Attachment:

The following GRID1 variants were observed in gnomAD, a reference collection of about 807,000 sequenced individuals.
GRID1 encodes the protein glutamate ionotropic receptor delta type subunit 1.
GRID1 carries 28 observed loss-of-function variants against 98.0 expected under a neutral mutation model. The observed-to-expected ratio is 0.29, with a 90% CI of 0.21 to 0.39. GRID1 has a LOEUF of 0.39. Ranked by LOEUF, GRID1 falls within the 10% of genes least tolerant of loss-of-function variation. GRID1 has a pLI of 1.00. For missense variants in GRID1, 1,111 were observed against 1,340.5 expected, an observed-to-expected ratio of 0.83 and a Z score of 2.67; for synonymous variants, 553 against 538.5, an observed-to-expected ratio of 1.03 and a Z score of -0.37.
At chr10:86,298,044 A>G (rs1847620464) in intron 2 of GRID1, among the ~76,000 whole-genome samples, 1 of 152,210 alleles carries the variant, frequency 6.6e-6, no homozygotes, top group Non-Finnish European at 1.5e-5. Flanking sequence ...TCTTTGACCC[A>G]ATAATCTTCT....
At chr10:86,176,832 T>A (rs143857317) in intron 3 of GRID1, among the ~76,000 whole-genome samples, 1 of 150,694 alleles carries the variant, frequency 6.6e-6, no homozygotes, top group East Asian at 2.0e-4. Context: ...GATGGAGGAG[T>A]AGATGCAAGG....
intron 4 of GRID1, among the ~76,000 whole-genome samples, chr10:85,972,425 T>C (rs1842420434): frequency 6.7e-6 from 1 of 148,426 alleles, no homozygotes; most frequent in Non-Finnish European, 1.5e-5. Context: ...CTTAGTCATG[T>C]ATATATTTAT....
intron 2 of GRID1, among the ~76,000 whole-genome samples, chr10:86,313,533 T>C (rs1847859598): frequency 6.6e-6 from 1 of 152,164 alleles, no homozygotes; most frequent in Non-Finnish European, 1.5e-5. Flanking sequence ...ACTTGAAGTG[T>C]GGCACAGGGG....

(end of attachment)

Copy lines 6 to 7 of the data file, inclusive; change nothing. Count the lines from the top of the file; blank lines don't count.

intron 4 of GRID1, among the ~76,000 whole-genome samples, chr10:85,972,425 T>C (rs1842420434): frequency 6.7e-6 from 1 of 148,426 alleles, no homozygotes; most frequent in Non-Finnish European, 1.5e-5. Context: ...CTTAGTCATG[T>C]ATATATTTAT....
intron 2 of GRID1, among the ~76,000 whole-genome samples, chr10:86,313,533 T>C (rs1847859598): frequency 6.6e-6 from 1 of 152,164 alleles, no homozygotes; most frequent in Non-Finnish European, 1.5e-5. Flanking sequence ...ACTTGAAGTG[T>C]GGCACAGGGG....